America the Beautiful: was composed by Samuel A. Ward and the lyrics by Katherine Lee Bates. Ms. Bates’ lyrics were originally written for a poem Pikes Peak in 1895. Ward had written the music ‘Materna’ for the hymn ‘O, Dear Mother, Jerusalem’ in 1882. The Ward and Bates works were combined and published as ‘America the Beautiful’ in 1910. One of the most beautiful and celebrated versions of this glorious composition has been arranged by Carmen Dragon, and the band proudly presents it in this season’s programming.

The program concludes with ‘Stars and Stripes Forever’, one of Sousa’s most popular marches. Although newspapermen of the age wrote that this was Sousa’s favorite, he quickly corrected them – it is ‘Semper Fidelis’ holds that honor. Nevertheless, ‘Stars and Stripes Forever’ is one of the most recognized marches in the world. Sousa ‘heard’ the theme echoing in his mind while sailing back to the United States from Europe. He put the notes to paper after arriving in the States. Both chambers of the U.S Congress designated ‘Stars and Stripes Forever’ as the national march of the United States of America in December 1887.

 

‘Stage & Screen’

Sunday, April 17th, 2016  |  4 p.m.
Sea Island Presbyterian Church  |  81 Lady’s Island Drive, Beaufort, SC

The spring program features the music of the Broadway Stage and the Silver Screen. The first half showcases music from hit Broadway shows including, ‘The Wizard of Oz’ and ‘South Pacific’ among others. After achieving acclaim in their long runs on the ‘Great White Way’ some shows were scripted for equally popular movies.

Golden Age of Broadway: opens the program with music from the legendary composing teams. Some of the most well-known songs from the grand musicals are showcased in this classic arrangement. Bali Hai from ‘South Pacific’, the title song from ‘Oklahoma’, Getting to Know You from ‘The King and I’ the ‘Carousel’ Waltz and Climb Every Mountain from ‘The Sound Of Music’ rekindle memories of the Golden Age of the Broadway stage.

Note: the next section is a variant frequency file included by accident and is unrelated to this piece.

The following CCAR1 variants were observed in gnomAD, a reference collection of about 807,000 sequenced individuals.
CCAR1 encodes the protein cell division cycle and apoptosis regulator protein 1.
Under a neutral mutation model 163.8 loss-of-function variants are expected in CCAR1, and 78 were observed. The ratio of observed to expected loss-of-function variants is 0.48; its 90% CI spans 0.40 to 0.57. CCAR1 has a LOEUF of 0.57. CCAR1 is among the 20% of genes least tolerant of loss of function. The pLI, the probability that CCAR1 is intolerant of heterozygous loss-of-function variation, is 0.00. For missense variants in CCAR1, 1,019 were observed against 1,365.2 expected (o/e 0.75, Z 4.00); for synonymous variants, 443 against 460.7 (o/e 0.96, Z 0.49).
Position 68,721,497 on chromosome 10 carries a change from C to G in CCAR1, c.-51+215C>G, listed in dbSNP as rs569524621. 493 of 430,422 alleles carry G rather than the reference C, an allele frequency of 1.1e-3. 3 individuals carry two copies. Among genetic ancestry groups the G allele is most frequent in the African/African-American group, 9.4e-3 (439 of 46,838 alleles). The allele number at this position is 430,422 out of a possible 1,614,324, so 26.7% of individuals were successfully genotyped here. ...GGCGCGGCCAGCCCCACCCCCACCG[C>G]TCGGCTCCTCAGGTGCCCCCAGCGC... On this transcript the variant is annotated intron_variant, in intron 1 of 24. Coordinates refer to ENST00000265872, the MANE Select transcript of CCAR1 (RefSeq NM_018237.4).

Symphonic Dances from Fiddler on the Roof: remains among the most popular and enduring musicals in history. This arrangement by Ira Hearshen presents a sampling of the dances including, ‘Tradition’, ‘Wedding Dance #1’ the tender ‘Chava’ sequence and ‘To Life’.

The Wizard of Oz: celebrated its 75th birthday in 2014. One of the most engaging scores ever written, ‘The Wizard’ is truly cross-generational. The arrangement by James Barnes takes us on a fun journey along the Yellow Brick Road. The familiar ‘We’re Off to See the Wizard’ sets the stage for the trip to the Land of Oz. Ding Dong the Witch is Dead and a wonderful tuba solo – ‘If I Only Had a Brain’ are among the familiar melodies in this masterpiece.

The Great Escape March: is the title theme from the movie of the same name. The movie is based on a true story in which some two hundred Allied prisoners of war planned and executed an escape from the ‘escape-proof’ Stalag Luft 17 camp. Though many were returned to prison camp, the killing of some fifty of the re-captured men remains a sad testament of the times. Arranger Robert W. Smith’s adaptation of Elmer Bernstein’s movie score captures the main theme and brings to mind star Steve McQueen’s many attempts to escape.

Eternal Father, Strong to Save: Often referred to as ‘The Navy Hymn’ this beautiful theme is traditionally associated with seafarers, particularly in the maritime armed services. Originally written in 1860, its author William Whiting was inspired by the dangers of the sea described in Psalm 107. It was popularized by Britain’s Royal Navy and the United States Navy in the late 19th century. Variations of it were soon adopted by many branches of the armed services in both countries, and it is accordingly known as the Hymn of Her Majesty’s Armed Forces, the Royal Navy Hymn, the United States Navy Hymn (or just The Navy Hymn).